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Thursday, 14 October 2010

Mobilise Against Homophobia

In this video, Joel Burns, a councilman for Fort Worth in Texas, delivers a heartfelt and impassioned speech to the council in which he pays sad tribute to the far too many young adolescent gays who have recently committed suicide. He speaks of the need to challenge the ritualised homophobic bullying, ubiquitous in schools, which is driving teenage boys and girls to despair, and worse. Not only those teenagers who identify as gay are affected; the potency of the homophobia in schools is such that someone presumed, incorrectly or not, to be gay are equally at risk. Burn's final call is that 'Things do get better'; this is an important message, and one that I and many other will certainly vouch for, but it is equally important not to allow a 'boys will be boys' mentality to blind us to the fact that the homophobia in schools ought to be challenged, and it can be challenged effectively. Things will get better, certainly, but we needn't lose sight of making things better in the present.

Inertia is one of the largest obstacles. It is far easier to wallow in the status quo, even if you appreciate its flaws. Teachers are exposed to the rituals of homophobic bullying on a day to day basis and they see it as much as anybody. It does not bypass them, they are not blind to it. So what, are a huge proportion of teachers happy to be complicit in the homophobic culture of the school? No, I would think not. There certainly are many prejudiced teachers, in the same way that generally there are prejudiced people, but teachers have a particular influence - if one of those minority of prejudiced teachers happens to take your sex eduation lesson, you will not be provided with a view of hope that things will get better. In such a classroom, the teacher is more likely to simply permit the raucous humour that would abound if homosexuality was even mentioned - which very often, it wouldn't be.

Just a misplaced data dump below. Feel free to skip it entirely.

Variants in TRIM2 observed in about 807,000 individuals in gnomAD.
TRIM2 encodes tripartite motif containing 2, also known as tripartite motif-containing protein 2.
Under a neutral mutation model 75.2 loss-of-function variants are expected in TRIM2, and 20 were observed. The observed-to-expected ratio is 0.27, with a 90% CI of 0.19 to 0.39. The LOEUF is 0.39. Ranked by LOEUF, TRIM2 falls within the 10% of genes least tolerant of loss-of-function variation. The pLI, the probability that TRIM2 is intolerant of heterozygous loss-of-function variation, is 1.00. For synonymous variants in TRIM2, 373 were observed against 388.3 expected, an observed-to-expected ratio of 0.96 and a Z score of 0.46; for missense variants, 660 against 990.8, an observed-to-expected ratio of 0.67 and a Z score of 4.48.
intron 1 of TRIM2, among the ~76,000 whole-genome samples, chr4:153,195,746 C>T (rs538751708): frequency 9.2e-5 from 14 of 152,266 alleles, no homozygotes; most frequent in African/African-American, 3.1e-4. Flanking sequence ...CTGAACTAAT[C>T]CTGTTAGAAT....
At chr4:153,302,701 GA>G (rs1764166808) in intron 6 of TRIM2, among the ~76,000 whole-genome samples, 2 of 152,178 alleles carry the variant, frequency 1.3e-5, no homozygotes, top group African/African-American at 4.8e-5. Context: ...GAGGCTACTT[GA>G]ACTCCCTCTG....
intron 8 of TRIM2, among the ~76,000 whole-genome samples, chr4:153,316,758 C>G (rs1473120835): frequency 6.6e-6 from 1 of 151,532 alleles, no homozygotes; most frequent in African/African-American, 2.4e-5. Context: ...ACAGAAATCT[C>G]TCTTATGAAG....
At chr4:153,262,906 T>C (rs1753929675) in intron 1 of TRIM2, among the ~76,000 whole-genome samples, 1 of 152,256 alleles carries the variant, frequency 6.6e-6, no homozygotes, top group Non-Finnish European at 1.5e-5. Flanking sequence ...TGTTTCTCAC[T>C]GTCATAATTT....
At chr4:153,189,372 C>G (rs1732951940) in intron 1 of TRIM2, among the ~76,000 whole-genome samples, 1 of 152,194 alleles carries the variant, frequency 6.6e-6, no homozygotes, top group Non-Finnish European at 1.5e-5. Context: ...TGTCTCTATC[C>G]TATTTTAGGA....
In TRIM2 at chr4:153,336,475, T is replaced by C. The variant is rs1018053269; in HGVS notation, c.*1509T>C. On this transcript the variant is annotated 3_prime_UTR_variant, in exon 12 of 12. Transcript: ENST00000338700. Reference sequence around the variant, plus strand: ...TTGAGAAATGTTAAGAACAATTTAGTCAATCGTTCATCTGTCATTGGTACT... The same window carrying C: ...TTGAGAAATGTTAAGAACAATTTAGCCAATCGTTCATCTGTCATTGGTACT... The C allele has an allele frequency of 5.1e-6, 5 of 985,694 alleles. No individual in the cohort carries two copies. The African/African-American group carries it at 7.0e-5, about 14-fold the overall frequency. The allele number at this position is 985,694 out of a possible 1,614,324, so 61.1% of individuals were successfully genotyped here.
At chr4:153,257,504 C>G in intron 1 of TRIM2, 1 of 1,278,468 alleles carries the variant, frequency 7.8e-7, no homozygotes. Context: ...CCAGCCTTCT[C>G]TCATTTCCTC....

No. It is far easier for a teacher to keep his or her head down, much in the same way as it is far easier for the victim of homophobic bullying to keep his or her head down, much in the same way as it is far easier for the classmates witnessing homophobic bullying to keep their heads down. It is far easier, but it is wrong, and for every class which takes place in which homophobic bullying is ignored, perpetuated or performed, those pupils who are questioning or who have to come to terms with their sexuality are forced into the margins, forced into silence and forced into complicity.

Many people I know don't see homophobic bullying, by my definition of it, as a particular problem. To call a lesson, or a pencil case or somebody's trainers 'gay' is just the same as calling it crap. This is half of the argument, but most stop there, putting the use of gay as a derogratory synonym as mere semantic shift. It is easy to ignore the impact it has on a child who is raised to comprehend of gay as bad - gay as a put-down, gay as boring, gay as pointless, gay as shit - only for them to then realise that, if they have feelings for the same sex, they become another definition of gay. They themselves can be counted alongside the other negative meanings of gay - crap, worthless, pointless, a joke. It is just plain wrong.